According to Arthritis Australia, arthritis is the major cause of disability and chronic pain in Australia today. The most common form of arthritis is osteoarthritis (OA). This results from the breakdown of cartilage (a smooth, cushioning substance) on the end of bones where they meet to form a joint, making the normally smooth surface rough or uneven. Although the frequency of symptoms and severity of OA can vary among people, OA of the knee may lead to stiffness and pain around the knee joint, clicking, locking, unsteadiness, muscle weakness and pain when walking or standing.
Other possible causes of pain and loss of function in the knee include:
For some people affected by OA of the knee, replacement surgery (also known as a knee arthroplasty) may offer an improvement in their quality of life through reduced pain and increased mobility.
If you suffer from severe arthritis of the knee that remains painful despite medication, exercise, rest and supports to assist your mobility, you may benefit from a total knee replacement. The main indication for knee replacement is unrelieved pain — if you are adequately mobile and your pain is manageable, you probably do not need a knee replacement.
Your suitability for knee replacement surgery will be assessed based on your medical history and physical and X-ray examinations.
A knee replacement operation will usually take between one and 2 hours. After evaluation by an anaesthetist, you will be given either a general anaesthetic (which will cause you to fall asleep for the operation) or a spinal anaesthetic (where you remain awake but are anaesthetised from the waist down).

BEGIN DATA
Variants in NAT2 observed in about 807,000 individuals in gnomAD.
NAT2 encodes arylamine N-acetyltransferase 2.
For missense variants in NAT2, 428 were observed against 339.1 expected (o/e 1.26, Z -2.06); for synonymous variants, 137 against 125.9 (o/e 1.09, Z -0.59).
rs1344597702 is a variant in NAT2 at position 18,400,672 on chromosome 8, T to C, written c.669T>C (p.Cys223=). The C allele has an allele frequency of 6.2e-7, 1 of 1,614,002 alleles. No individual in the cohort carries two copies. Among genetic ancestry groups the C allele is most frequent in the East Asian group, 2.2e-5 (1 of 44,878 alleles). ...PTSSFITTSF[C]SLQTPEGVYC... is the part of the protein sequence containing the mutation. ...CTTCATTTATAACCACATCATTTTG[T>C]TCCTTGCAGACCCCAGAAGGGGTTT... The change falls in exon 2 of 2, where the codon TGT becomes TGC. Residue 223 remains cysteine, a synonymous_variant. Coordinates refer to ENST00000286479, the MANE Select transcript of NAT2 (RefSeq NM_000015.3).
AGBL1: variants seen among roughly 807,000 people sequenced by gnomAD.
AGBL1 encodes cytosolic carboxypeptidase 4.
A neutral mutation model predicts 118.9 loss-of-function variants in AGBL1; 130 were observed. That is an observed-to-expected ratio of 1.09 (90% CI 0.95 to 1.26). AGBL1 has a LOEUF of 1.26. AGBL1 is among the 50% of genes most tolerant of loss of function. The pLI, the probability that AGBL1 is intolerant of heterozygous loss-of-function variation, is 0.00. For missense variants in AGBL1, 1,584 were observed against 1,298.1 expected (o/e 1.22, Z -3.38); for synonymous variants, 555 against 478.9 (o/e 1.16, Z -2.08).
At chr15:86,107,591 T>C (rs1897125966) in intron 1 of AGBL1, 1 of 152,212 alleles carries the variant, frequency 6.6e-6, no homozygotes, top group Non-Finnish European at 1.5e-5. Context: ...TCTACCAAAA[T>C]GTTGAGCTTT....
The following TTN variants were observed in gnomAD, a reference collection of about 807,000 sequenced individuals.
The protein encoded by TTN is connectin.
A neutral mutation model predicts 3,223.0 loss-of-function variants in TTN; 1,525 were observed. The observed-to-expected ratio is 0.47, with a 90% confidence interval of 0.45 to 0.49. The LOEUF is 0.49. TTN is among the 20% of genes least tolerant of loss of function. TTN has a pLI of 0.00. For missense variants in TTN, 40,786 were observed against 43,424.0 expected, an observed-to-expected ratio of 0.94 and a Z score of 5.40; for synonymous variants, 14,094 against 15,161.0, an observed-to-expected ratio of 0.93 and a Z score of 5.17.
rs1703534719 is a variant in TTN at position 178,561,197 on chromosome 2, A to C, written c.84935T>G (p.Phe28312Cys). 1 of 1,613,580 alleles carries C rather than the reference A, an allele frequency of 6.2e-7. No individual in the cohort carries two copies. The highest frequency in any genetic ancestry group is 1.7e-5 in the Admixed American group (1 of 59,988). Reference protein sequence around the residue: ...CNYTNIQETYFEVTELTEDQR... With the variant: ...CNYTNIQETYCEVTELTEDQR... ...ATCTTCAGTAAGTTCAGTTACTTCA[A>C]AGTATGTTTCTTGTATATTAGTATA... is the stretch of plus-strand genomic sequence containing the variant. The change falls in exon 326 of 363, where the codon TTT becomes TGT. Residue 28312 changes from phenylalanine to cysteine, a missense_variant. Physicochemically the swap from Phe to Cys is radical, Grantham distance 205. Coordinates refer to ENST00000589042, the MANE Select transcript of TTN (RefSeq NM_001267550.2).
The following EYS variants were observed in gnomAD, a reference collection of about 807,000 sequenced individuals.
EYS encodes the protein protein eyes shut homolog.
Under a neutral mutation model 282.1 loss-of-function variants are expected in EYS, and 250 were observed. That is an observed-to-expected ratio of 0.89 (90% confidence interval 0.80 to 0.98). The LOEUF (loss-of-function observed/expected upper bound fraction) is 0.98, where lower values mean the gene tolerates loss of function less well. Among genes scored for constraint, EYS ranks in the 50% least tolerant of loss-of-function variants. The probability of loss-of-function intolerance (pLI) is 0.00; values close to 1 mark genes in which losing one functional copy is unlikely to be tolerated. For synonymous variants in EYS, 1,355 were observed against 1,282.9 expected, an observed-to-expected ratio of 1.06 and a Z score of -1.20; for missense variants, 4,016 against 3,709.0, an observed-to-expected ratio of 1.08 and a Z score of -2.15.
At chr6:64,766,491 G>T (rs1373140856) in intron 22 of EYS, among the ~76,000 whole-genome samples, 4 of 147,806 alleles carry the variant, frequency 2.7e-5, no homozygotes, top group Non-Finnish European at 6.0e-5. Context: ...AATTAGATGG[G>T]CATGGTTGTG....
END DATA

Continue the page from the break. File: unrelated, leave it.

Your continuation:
A knee reconstruction involves surgery to replace your knee joint with a prosthesis—an artificial knee joint. Mostly, these prostheses are made of plastic and metal, and consist of 3 main components:
The metal shafts of the femoral and tibial components are inserted to replace the end of the femur (thigh bone) and the top of the tibia (shin bone). On the end of the metal shafts is a polyethylene (plastic) coating which acts as replacement cartilage.
More than 90 per cent of knee replacements will last for more than 10 years, depending on your level of activity and weight. The heavier and more active you are, the more quickly they will wear out. Knee replacements can be replaced if they wear out, although revision surgery is generally more difficult than the initial replacement.
Most people spend about 5 to 7 days in hospital, depending on their progress and rehabilitation. Your surgeon may provide you with a programme designed to prevent blood clots in the legs — a complication which can happen after knee replacement surgery. Some warning signs include:
Although infection of the knee joint can occur, this is quite rare.
It is important to plan ahead for your recovery from knee replacement surgery. Here are some tips to help make your home accessible after surgery and to promote a fast recovery.
Physiotherapists can help greatly with rehabilitation, while occupational therapists are helpful in making sure your home is safe and advising on any modifications or appliances that may be needed.
The decision to have knee replacement surgery should be discussed with family members who may be responsible for assisting you following the operation.
Knee replacement can be a successful option for many people experiencing pain related to arthritis of the knee: more than 90 per cent of people who have a total knee replacement improve their ability to perform everyday tasks and have reduced levels of knee pain.
Last Reviewed: 10 April 2009